You can look at this a couple of different ways. The most obvious thought that comes to mind is that Herbie Hancock is the ultimate professional. To do what he did was a basic professional courtesy extended to a giant who was going to join as a guest. But there’s this angle: Coltrane was going to sit in with THEM. I’m going to take a guess and say this Vanguard gig was 1964 or ‘65. By then, I believe Herbie had a personal language that was developing just as quickly as McCoy’s. However, Herbie knew that this amazing man, only 16 months his senior, was so developed, that maybe he’d take a deeper look. Unfortunately, Coltrane never came.
What was it about McCoy Tyner?
Alfred McCoy Tyner was born and raised in West Philadelphia. He grew up on May Street, a small street of row homes just off of Fairmount Avenue, in a section we Philadelphians call “The Bottom”. That street was razed in the late 50’s (or early 60’s) as the Westpark Projects were erected in its place.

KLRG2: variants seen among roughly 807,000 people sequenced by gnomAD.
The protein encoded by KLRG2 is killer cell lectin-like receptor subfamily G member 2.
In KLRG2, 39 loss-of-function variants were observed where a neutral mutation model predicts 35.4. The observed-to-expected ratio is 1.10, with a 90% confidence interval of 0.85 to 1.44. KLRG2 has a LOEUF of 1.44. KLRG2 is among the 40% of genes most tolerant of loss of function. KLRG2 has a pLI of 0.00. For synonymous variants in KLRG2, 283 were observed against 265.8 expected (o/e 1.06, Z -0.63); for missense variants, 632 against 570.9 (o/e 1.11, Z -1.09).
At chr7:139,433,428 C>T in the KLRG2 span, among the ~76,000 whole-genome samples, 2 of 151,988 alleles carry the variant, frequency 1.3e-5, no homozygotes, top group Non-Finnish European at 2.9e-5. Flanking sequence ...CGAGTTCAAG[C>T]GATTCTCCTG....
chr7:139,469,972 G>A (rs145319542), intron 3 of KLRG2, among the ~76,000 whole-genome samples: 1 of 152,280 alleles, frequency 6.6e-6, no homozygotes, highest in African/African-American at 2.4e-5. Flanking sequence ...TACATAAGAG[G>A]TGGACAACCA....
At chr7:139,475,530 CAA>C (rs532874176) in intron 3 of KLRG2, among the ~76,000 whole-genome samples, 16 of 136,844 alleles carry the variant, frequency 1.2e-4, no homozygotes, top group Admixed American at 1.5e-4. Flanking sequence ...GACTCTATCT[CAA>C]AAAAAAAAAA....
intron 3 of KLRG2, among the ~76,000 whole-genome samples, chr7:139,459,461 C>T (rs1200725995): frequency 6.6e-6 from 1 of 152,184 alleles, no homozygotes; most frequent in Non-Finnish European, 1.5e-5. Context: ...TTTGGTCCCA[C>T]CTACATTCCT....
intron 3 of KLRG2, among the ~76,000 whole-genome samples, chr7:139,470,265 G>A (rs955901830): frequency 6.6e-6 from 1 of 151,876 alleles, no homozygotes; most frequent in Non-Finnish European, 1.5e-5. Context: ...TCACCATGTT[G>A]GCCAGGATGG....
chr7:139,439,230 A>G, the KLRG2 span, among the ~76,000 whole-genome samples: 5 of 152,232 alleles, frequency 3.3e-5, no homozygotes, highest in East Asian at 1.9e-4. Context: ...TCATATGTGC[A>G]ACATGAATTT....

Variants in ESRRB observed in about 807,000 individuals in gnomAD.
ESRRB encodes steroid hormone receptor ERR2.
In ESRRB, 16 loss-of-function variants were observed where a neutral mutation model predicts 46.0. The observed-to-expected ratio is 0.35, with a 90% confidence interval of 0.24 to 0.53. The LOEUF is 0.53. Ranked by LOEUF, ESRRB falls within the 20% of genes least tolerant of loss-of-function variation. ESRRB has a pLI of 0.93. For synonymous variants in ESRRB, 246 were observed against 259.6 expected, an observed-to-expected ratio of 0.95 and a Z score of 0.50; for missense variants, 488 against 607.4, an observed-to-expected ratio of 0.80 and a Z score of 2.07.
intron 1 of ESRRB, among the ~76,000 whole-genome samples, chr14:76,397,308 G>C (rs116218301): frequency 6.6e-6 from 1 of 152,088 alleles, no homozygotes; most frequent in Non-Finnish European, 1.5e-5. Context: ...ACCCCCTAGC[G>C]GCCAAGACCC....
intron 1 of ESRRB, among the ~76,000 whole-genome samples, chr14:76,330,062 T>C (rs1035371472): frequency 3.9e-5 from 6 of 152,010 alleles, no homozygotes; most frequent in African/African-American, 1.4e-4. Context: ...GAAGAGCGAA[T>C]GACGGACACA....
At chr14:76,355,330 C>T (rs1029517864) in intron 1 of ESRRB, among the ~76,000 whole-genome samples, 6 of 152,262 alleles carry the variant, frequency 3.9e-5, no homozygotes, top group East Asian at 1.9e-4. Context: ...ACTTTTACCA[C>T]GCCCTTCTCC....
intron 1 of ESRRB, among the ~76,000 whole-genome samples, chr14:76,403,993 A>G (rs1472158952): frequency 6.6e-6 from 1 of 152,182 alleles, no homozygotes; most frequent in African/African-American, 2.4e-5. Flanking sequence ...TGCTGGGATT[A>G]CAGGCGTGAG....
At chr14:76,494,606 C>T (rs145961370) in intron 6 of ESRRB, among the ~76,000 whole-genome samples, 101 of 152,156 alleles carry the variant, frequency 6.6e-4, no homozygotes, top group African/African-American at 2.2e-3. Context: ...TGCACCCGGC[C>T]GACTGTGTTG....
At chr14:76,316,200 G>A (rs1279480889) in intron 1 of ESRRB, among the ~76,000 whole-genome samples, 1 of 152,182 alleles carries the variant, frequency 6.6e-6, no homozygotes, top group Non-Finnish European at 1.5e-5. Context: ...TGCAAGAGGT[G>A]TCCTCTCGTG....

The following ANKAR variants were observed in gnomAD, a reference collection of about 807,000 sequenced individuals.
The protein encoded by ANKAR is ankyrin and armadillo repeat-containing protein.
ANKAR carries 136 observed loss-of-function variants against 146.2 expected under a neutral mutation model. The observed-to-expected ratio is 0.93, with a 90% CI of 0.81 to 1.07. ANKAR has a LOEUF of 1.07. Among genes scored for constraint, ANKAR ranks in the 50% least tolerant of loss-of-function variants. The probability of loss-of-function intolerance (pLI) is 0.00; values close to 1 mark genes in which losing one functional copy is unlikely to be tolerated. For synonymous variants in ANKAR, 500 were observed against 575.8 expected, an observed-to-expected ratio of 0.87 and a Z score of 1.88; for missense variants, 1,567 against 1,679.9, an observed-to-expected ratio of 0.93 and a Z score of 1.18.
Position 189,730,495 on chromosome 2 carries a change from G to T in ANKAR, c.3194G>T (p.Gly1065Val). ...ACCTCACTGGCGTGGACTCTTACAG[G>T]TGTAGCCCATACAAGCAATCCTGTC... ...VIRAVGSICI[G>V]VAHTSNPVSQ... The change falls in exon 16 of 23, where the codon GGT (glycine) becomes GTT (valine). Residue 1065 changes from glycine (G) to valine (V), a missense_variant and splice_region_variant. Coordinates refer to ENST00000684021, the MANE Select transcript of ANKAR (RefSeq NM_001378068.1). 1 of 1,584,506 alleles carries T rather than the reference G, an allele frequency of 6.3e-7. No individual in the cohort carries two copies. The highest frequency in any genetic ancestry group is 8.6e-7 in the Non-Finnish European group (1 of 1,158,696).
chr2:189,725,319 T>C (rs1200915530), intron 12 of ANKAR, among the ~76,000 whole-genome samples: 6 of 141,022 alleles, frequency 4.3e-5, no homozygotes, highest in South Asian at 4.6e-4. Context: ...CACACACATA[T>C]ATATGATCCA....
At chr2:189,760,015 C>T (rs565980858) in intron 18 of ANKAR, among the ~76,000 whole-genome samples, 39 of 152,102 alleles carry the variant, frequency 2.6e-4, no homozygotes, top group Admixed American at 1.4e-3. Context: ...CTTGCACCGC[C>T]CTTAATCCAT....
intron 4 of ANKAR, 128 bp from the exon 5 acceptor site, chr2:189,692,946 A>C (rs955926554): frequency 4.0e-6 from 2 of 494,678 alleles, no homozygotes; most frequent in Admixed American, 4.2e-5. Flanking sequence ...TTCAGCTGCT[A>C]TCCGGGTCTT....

Philadelphia boasted (and still boasts) one of the most fertile breeding grounds in the history of jazz. Without naming every single legend from Philly, I’ll keep it to just Tyner and his peers – Lee Morgan, Albert “Tootie” Heath, Bobby Timmons, Spanky DeBrest, Steve Davis and Reggie Workman were all born within a few years of each other. Tyner’s “big brother & sister” generation consisted of Philly legends like Benny Golson, Trudy Pitts, Jymie Merritt, Bill Carney (aka “Mr. C”), Jimmy Smith, Jimmy Oliver, Shirley Scott, Hasaan Ibn Ali (aka The Legendary Hasaan), Edgar Bateman, Philly Joe Jones, and a young man who would migrate to Philadelphia as a teenager, John Coltrane. Needless to say, he was surrounded by greatness.